Rupee Falls Sharply To Close At Record Low Of 69.93 Against Dollar

The RBI is likely to assess the trend in the rupee against other emerging market currencies, say analysts.

The current drop in rupee is mainly due to the crisis in Turkey, say experts.


  • Rupee plunged by 109 paise from Friday's close of 68.83 against dollar
  • Rupee fell sharply following other emerging market currencies
  • Investors preferred safe-havens dollar, yen after Turkish lira crashed

The rupee registered a sharp decline of 109 paise or 1.58 per cent to close at 69.93 against the US dollar on Monday - the biggest single-day drop in the past five years. That marked the rupee's all-time closing low against the greenback. Other emerging market currencies plunged as investors preferred safe-havens such as the US dollar and the yen after a plunge in the Turkish lira. The rupee traded in the range of 69.93-69.41 against the American currency during the session before settling at the day's lowest point. The rupee had settled at 68.84 against the US dollar last Friday.

Analysts attributed the plunge in the rupee to the Turkish currency crisis and expected the Indian currency to sink below 70 per dollar.

"The current drop in rupee is mainly due to the crisis in Turkey. The dollar index has strengthened beyond 96 levels reflecting its safe haven status due to possible domino effect of the Turkey crisis on other financial institutions," said Salil Datar, CEO and executive director, Essel Finance Forex.

Going forward, analysts will closely watch the movement of emerging market currencies against the US dollar and crude oil prices. 

"Given the prevailing risk aversion in the global markets, we don't rule out that the rupee will briefly cross 70/dollar before retracing to 69/dollar levels," said Aditi Nayar, principal economist at credit ratings agency ICRA.

The Reserve Bank of India was seen intervening to stem a sharp fall in the rupee, news agency Reuters cited two dealers as saying. The RBI is likely to assess the trend in the rupee vis-a-vis the emerging markets currency pack, Ms Nayar said.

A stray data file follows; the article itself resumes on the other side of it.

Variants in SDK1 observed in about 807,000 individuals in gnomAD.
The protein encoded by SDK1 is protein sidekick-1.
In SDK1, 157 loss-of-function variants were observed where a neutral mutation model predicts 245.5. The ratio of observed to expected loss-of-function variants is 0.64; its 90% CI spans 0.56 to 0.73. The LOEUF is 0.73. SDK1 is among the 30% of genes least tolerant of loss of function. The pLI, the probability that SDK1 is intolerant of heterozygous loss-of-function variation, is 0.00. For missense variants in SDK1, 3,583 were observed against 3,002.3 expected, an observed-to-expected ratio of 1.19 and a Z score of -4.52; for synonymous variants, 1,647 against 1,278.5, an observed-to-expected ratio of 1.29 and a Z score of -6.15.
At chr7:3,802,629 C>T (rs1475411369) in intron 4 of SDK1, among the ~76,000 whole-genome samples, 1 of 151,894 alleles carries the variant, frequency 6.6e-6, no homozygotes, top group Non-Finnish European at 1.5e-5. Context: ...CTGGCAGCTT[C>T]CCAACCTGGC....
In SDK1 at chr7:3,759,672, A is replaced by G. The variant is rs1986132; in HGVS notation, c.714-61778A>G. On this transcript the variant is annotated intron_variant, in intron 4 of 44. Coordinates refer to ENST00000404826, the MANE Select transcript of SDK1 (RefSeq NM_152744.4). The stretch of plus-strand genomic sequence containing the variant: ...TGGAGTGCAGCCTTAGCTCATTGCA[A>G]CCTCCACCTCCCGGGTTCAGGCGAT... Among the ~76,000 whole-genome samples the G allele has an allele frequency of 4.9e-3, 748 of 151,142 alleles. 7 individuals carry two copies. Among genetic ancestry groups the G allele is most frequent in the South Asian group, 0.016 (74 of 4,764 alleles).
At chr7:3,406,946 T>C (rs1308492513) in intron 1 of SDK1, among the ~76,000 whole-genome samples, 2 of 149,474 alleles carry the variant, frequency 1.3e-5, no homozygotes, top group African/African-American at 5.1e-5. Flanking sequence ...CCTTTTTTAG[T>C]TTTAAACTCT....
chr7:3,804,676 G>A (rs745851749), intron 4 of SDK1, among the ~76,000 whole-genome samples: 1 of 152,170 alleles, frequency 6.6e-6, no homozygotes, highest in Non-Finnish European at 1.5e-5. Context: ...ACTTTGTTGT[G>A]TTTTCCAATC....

The lira has fallen about 45 per cent against the US dollar so far this year on worries over Turkish President Tayyip Erdogan's increasing control of the economy and a deepening diplomatic rift with the US.

"If all EM currencies are depreciating, the rupee must weaken to protect export competitiveness," Ms Nayar added.

Most global currencies except Japanese yen and Swiss franc weakened against the dollar.

"The rupee can see further dip till 70.25 levels on the other side. We could be seeing 69.60 levels if today's favourable inflation data is backed by a moderation in the awaited trade deficit figures," Mr Datar further said.

Government data on the same day showed that retail inflation - determined by Consumer Price Index (CPI) - eased to 4.17 per cent in July. That strengthened views that the Reserve Bank of India (RBI) would keep interest rates on hold at its review in October, after raising them by 25 basis points each in both bi-monthly consecutive meetings.

Consumer inflation in June was revised to 4.92 per cent from a provisional 5 per cent previously, the Central Statistics Office (CSO) said.

Meanwhile, stock markets continued their fall to a second straight session. The BSE benchmark index Sensex shed 224 points to close at 37,644 while the NSE Nifty settled 73 points lower at 11,355, ahead of release of CPI data.

(With agency inputs)